Monday, March 3, 2008

#46 Updates!

Thing 46 is a chance to review the changes made with a number of Things since they were first written up almost a year before this task #46. As the Victorian public libraries Learning 2.0 was happening about the time or just before these updates were being written up, I didn't find that there was all that much that was new for me here. The Things that were updated and/or commented upon were #3 Blogger, #5 Flickr, #8 Bloglines, #9 RSS feeds, #10 Generator, #11 LibraryThing, #12 Rollyo, #13 and #14 Technorati. However, it is useful to have these updates for when we want to roll out the original 23 things to the next group of staff.

Interestingly the majority of these are ones that I still use daily or at least on a regular basis and many the ones that Michael Stephens talked about in his talk last week. These have all become pretty mainstream now, it appears. It's hard to believe it, but it is really so. Tempus fugit.

I was interested in Flickr's partnership with Picnik which I must have passed over (though it should have come up in the Picnik thing), and the fact that LibraryThing offer a facility to scan titles not on their database. That sounds good to me as I find it very frustrating not being able to add new items in Bookjetty (they say next release....). It was also interesting to see the comment about the role of Facebook in social cataloguing. I guess I had noticed it with the various books and reading applications but I hadn't really thought it out.

#45 Go with the flow - Flowcharts & Mindmaps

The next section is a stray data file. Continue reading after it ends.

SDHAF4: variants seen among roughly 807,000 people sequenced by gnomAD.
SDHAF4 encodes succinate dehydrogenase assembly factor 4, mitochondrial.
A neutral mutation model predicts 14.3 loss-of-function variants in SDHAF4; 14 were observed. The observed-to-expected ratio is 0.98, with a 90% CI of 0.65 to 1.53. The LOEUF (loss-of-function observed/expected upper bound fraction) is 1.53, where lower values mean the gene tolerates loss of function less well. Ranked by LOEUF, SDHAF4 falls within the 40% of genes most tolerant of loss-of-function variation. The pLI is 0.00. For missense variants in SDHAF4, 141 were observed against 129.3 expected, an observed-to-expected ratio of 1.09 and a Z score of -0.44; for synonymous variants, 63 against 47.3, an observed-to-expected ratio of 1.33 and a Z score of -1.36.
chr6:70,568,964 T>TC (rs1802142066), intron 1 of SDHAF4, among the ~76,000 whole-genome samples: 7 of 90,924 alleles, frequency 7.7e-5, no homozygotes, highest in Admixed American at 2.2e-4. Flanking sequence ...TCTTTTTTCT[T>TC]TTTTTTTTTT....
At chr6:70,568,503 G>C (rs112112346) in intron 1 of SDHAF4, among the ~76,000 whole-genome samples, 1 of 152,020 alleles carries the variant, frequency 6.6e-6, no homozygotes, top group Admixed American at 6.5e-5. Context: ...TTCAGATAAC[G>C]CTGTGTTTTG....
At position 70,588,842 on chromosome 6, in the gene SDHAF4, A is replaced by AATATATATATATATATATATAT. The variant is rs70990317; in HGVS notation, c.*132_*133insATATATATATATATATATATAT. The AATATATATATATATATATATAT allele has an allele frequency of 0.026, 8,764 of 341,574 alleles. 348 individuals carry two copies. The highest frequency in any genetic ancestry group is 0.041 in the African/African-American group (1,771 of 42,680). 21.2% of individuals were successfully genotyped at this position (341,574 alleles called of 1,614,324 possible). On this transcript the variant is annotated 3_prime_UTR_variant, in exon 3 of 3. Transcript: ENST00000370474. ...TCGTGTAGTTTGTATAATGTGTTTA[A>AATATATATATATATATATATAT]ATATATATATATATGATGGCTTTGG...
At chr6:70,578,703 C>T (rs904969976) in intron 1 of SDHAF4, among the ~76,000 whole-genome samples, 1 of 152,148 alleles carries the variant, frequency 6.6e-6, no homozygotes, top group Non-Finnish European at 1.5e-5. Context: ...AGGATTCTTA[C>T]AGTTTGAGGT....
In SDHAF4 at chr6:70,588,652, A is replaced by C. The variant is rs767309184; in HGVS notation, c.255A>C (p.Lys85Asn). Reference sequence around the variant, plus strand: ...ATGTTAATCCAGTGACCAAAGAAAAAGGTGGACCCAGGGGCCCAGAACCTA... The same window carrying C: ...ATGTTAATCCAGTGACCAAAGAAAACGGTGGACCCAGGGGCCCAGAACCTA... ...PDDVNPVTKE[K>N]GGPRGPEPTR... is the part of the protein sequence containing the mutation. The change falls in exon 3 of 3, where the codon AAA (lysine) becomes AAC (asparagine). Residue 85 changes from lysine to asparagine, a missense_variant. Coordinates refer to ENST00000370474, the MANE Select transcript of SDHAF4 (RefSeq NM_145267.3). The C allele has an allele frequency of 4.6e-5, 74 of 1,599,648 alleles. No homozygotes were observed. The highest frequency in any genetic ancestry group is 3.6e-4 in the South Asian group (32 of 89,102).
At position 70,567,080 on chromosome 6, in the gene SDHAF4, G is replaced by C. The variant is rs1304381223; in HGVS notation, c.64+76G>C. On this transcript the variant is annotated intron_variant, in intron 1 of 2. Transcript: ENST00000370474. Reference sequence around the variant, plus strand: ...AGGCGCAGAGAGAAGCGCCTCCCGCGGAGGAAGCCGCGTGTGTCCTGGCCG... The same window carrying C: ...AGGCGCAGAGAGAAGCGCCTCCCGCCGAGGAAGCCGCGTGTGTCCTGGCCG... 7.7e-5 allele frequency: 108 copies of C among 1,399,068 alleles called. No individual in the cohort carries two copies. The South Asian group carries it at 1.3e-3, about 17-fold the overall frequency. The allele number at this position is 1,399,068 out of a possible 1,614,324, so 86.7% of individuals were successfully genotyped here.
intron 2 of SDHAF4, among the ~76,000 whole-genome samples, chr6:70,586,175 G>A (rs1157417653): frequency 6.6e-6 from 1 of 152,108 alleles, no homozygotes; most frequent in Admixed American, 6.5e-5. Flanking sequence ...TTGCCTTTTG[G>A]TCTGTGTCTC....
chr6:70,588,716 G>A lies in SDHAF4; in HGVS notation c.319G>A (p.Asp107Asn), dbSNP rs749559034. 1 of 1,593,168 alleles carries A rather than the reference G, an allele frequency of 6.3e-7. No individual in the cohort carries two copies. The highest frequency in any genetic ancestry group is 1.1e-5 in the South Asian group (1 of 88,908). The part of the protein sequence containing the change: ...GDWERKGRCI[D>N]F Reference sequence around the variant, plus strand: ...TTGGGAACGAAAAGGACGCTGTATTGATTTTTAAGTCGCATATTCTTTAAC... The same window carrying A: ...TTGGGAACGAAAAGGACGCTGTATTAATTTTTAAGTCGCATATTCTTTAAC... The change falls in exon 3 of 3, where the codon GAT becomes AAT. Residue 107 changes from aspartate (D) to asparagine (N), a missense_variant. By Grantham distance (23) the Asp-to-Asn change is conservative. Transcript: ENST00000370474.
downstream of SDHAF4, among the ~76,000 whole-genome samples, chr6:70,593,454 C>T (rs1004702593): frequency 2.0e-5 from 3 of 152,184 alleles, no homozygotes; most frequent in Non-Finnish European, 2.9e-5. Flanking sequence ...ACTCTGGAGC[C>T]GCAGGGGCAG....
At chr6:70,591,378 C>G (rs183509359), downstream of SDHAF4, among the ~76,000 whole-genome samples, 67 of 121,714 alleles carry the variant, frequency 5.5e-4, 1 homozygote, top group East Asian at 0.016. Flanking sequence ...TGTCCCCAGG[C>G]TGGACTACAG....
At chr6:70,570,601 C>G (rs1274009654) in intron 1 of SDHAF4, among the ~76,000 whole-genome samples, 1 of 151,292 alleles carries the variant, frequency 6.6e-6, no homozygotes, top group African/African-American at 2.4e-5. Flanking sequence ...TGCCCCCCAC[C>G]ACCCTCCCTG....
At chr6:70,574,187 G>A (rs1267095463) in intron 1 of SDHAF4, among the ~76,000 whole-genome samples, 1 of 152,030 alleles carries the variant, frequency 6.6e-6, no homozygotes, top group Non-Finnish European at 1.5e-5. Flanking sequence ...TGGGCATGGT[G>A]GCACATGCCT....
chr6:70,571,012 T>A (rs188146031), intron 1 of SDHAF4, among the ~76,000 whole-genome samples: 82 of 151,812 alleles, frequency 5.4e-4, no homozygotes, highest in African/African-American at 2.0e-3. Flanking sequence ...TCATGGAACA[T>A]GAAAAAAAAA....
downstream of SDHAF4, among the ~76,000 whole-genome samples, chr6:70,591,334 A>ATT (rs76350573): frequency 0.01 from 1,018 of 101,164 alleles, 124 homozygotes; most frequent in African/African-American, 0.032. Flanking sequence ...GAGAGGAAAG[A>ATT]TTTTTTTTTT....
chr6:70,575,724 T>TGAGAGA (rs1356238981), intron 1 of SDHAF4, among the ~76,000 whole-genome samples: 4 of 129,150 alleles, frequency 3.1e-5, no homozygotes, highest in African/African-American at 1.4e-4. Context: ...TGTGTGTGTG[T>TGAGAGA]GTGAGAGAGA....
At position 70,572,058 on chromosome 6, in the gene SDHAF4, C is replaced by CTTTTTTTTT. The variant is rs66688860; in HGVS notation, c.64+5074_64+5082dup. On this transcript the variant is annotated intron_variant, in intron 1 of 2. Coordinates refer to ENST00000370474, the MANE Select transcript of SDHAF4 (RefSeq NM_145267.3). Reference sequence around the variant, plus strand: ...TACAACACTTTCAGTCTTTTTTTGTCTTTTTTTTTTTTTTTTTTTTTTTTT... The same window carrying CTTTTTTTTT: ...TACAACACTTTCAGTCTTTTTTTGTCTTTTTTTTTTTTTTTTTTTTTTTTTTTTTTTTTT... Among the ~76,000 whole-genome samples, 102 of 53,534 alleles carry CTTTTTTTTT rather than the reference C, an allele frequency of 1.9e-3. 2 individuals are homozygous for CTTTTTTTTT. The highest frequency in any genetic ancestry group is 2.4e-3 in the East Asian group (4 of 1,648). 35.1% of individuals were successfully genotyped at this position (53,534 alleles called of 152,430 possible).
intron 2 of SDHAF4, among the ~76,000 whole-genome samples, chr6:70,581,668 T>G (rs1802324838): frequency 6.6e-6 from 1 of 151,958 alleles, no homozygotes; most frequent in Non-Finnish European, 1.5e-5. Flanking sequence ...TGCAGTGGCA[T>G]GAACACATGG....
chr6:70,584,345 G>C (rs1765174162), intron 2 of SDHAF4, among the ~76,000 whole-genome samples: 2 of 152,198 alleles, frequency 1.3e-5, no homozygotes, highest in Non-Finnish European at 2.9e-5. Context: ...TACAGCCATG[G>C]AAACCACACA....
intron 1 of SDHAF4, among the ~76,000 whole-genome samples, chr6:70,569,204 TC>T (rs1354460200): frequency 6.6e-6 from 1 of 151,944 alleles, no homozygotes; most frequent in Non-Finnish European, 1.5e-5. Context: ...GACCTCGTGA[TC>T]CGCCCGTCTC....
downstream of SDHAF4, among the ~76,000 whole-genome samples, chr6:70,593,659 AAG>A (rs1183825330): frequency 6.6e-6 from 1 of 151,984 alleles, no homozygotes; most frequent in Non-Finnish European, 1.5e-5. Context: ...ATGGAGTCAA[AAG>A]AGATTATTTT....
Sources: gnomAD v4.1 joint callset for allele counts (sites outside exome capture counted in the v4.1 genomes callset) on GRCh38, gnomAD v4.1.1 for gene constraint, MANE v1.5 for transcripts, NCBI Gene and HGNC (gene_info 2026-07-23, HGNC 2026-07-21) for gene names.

I was quite looking forward to doing mindmaps and flowcharts, but when it came to the point it took a while to get into it.I signed up with Gliffy for the flowchart example. It provided examples and possibilities for flowcharts, organizational charts, network diagrams, floorplans, SWOTs and technical drawings. It seemed to take me quite a while to get the hang of it and I didn't find it very intuitive. I think the trick would have been to have had a flowchart mapped out and just to input it rather than being free-flowing as I was. However, I did think that it was rather light on instructions and with a the floorplan layout for example I never found out how to rotate an item. I wasn't really sure how much better it was than Word.

For the mindmap example, I tried both and mindmeister. With it took me a while to get the hang of how to do it (it hadn't made it clear that I had to sign up before I did anything) and I then got rather a jumble with boxes covering each other as I expanded the brainstorm. Mindmeister, however, was a program I went for immediately. The demonstration video produced on camtasia was pretty clear and the draft prototype clarified remaining queries. I really enjoyed using mindmeister, but think that perhaps I like doing mindmaps in that linear way. In fact I actually like drawing them with marker pens and butcher's paper ;>).

Mindmeister was the standout application for me from this group. The site also provided a forum for online discussion, the facility to publish to web or blog, and the facility to set up notifications if others were working on and amended the mindmap. This could be done through Twitter and a link through Skype allowed people working together on the map to communicate. I liked the way it used third party software such as Skype and Twitter to improve functionality.

And the differences between mindmaps and flowcharts? Well, flow charts provide a logical flow and map out a process, while mindmaps are about brainstorming everything to do with the key issue.
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